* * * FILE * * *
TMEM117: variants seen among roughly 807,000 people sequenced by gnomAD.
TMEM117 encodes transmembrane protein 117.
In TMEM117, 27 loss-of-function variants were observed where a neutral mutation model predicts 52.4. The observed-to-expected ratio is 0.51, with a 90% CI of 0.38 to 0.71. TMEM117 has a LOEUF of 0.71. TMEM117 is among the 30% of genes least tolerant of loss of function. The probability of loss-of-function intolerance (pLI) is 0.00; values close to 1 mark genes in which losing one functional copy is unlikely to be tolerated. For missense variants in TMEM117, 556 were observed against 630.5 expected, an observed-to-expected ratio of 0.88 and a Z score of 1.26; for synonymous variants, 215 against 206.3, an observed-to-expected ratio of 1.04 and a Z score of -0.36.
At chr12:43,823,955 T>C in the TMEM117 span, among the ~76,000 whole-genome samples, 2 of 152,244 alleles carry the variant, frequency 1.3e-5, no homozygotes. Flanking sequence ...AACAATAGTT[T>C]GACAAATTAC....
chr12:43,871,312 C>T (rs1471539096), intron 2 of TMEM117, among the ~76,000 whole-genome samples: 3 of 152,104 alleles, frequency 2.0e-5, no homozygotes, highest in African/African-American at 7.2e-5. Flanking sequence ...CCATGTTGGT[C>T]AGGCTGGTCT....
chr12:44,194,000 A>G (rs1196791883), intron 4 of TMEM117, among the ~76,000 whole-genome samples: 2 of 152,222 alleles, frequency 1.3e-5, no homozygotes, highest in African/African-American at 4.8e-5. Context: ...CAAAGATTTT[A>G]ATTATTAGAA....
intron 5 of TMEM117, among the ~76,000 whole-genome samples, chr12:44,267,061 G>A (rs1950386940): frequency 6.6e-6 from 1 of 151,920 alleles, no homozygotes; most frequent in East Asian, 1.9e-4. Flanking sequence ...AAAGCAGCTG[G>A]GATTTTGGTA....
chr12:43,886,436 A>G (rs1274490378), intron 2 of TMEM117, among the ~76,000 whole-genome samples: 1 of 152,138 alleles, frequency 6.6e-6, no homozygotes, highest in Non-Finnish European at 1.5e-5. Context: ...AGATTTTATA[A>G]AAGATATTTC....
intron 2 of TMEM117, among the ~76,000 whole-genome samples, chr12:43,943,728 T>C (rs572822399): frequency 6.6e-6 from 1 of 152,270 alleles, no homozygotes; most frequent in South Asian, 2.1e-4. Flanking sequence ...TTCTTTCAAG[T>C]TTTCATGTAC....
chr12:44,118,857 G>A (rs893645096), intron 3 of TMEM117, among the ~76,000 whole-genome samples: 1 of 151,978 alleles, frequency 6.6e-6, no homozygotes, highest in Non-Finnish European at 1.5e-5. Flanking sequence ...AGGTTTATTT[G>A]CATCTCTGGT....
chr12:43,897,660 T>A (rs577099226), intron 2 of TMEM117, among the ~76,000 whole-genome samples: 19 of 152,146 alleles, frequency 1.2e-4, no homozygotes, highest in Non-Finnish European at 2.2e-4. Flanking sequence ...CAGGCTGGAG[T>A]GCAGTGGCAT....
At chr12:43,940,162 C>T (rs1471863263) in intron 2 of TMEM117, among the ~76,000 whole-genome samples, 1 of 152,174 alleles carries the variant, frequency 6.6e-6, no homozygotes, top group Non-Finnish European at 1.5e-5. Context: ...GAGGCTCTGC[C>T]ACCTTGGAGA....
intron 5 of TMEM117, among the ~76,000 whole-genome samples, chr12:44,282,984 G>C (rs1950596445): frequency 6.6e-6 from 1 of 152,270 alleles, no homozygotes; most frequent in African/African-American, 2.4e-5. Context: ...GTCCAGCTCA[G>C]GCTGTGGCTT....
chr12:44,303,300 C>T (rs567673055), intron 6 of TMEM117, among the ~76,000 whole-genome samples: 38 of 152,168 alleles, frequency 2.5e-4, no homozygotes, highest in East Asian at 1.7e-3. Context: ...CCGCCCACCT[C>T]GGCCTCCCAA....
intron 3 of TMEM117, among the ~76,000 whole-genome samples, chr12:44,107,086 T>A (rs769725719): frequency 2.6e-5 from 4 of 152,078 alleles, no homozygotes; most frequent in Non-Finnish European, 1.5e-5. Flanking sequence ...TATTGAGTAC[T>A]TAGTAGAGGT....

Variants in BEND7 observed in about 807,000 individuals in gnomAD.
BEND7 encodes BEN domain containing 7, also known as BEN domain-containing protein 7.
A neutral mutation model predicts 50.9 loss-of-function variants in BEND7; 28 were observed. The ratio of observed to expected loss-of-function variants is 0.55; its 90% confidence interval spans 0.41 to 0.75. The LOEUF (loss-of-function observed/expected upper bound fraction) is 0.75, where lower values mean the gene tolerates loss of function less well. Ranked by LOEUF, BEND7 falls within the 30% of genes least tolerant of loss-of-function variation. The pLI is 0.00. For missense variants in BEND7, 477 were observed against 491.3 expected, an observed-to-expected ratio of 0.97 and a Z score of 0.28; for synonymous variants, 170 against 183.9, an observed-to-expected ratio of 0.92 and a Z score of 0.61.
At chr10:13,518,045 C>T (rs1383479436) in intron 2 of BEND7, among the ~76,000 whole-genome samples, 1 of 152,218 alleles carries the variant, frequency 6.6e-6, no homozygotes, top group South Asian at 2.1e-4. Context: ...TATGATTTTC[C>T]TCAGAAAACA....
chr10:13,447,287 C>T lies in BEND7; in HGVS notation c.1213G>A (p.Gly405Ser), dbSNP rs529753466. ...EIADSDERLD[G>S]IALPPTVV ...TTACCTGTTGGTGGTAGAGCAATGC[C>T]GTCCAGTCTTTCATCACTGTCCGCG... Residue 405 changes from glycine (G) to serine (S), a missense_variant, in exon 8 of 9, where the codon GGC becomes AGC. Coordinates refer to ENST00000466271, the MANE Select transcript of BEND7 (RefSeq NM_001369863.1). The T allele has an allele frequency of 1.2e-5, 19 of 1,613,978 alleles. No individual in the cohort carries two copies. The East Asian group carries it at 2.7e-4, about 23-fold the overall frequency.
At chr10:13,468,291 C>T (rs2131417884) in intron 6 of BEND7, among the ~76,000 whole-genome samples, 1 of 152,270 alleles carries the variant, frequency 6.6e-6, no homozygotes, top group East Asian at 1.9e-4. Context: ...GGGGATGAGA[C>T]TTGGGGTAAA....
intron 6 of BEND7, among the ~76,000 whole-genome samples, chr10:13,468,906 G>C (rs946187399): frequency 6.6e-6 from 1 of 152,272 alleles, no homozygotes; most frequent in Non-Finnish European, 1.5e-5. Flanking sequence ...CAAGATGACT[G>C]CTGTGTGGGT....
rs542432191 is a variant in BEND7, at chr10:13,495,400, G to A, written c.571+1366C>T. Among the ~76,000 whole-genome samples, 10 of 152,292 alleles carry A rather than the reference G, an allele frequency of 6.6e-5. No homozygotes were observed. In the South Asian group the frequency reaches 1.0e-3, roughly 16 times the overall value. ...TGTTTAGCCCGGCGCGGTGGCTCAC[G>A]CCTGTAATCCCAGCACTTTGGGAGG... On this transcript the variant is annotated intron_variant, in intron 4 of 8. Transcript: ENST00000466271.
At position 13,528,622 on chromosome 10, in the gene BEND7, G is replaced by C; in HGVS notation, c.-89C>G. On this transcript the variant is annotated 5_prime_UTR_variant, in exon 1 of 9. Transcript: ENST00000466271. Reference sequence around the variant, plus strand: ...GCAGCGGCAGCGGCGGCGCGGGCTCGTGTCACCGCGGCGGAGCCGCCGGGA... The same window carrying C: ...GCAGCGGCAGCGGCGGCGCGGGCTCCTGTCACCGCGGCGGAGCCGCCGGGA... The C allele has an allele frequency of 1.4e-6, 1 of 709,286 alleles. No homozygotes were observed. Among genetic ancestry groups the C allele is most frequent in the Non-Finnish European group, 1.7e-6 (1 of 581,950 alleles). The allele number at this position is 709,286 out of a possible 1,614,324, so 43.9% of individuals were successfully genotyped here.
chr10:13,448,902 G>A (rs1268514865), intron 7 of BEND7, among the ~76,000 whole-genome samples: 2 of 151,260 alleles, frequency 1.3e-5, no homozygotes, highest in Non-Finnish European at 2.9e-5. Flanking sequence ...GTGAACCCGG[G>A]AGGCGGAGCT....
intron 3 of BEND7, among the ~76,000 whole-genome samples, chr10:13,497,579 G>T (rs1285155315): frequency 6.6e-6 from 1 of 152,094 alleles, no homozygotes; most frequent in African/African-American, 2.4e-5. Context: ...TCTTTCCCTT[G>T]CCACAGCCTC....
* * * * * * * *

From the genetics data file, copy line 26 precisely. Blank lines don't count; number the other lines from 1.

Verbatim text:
intron 3 of BEND7, among the ~76,000 whole-genome samples, chr10:13,497,579 G>T (rs1285155315): frequency 6.6e-6 from 1 of 152,094 alleles, no homozygotes; most frequent in African/African-American, 2.4e-5. Context: ...TCTTTCCCTT[G>T]CCACAGCCTC....